According to reports, during the "11th Five-Year Plan" period, the state invested billions of yuan to improve water supply. In the past 20 years, only the team led by Sun Guifan has continuously found villages with excessive groundwater arsenic, and then the health department will test and report to the Ministry of Water Resources for water improvement.
    "These previously obvious ward and polluted areas have been changed." Sun Guifan told reporters, "There is no major technical problem in water improvement. Quotations from reservoirs, lakes, deep wells, or polluted water are extracted Water treatment is needed to change the water. "Now Meng Ke Harigen Gacha has all used clean mountain spring water to control the illness in the village.
    However, these are only for the problem of excessive arsenic in groundwater. Chen Tongbin pointed out that arsenic pollution still exists in the soil, "remediation of arsenic pollution in soil is much more difficult." In his office, there are pots of yarrow that absorb arsenic in the soil. "This is by far the most effective way to remove arsenic from the soil," he said, pointing to a pot of yarrow.

    Groundwater Arsenic Pollution-Rivers

    Groundwater Arsenic Pollution-Rivers


    But for Wu Zhiqiang, arsenic has destroyed his life. Today, Wu Zhiqiang has divorced and lives in a 20-square-meter rental house with his mother and son, living on subsistence allowances. In July of this year, he went to the hospital for an examination. The doctor cut a piece of "meat nail" for testing and told him that his condition had not deteriorated. Then he added: "It is not necessarily good to not drink this water for 10 years."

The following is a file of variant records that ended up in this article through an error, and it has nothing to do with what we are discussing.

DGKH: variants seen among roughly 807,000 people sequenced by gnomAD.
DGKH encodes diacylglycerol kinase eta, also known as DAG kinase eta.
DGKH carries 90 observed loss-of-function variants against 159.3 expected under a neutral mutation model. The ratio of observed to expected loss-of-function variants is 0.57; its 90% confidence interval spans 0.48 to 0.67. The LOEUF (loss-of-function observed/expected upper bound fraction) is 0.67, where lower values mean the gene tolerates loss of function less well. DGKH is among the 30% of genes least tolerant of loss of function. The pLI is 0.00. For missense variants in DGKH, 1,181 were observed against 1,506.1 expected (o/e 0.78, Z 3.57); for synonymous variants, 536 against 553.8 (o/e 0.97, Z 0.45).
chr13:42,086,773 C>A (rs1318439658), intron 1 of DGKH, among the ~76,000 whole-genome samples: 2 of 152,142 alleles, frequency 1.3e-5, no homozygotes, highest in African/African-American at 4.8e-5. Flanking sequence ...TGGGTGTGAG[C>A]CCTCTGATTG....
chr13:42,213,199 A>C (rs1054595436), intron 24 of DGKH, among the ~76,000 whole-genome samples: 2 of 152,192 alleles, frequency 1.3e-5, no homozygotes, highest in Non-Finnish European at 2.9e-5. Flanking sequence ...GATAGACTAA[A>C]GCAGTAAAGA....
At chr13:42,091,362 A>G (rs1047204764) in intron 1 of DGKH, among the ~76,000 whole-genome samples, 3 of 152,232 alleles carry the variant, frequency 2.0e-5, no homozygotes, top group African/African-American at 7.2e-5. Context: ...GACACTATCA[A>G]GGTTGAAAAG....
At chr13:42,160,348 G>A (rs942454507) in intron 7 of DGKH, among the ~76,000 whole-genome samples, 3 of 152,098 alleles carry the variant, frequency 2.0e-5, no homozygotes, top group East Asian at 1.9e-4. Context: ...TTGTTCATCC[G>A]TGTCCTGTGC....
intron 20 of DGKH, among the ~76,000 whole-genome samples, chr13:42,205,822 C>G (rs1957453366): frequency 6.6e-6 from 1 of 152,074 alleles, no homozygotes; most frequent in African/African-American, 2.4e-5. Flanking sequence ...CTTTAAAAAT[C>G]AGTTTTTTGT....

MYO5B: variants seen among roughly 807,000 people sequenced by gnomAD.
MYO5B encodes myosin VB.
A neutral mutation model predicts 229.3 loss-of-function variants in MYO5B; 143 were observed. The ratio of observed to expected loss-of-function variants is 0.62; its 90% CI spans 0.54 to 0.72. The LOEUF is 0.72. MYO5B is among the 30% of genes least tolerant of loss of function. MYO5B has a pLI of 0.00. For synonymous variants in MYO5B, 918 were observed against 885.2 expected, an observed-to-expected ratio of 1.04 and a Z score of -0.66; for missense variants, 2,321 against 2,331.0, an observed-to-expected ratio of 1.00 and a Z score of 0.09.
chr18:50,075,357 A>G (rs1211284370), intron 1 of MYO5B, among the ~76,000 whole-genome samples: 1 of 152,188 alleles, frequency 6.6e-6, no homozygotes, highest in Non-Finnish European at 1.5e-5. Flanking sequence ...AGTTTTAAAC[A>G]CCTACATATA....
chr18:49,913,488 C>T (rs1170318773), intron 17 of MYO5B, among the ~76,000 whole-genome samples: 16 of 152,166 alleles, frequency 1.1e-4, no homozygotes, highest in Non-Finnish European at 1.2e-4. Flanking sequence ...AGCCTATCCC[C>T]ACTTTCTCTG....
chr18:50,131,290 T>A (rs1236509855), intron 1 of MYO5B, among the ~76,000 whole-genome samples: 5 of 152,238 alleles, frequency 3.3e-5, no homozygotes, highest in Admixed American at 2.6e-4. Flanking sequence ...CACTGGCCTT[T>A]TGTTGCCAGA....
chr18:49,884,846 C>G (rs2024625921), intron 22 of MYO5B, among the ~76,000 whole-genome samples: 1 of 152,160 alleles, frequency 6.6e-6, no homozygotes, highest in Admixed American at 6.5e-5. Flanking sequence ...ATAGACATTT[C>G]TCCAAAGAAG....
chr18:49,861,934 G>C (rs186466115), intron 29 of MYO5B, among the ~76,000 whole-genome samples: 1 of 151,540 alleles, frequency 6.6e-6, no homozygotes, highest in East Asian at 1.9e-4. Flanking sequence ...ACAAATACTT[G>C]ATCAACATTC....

In 2009, scientists from China, Switzerland, and the West began collaborating to try to predict a high-level distribution of arsenic concentrations in groundwater in China with a new model.
    Unlike the individual arsenic pollution incidents caused by humans, the natural pollution of groundwater is more universal. "Our team involves multiple disciplines and multiple countries." Sun Guifan particularly emphasized the special nature of this cooperation. "There are geological, Geochemical, hydrological, remotely controlled, Chinese researchers are directly involved in human health, as well as specific water sample collection and testing. "
    Researchers at each exhibition collected 8 parameters including geographic parameters, chemical indicators, physical indicators, and soil geology required for the model. The goal was to draw a map of arsenic pollution risks. "For example, the geology of Inner Mongolia was formed during the Holocene (11500 years ago to the present, the youngest geological period), and arsenic in the stratum was easily dissolved into groundwater; arsenic in saline-alkali land was also easily dissolved into groundwater." Sun Guifan explained .

    Groundwater arsenic pollution

    Groundwater arsenic pollution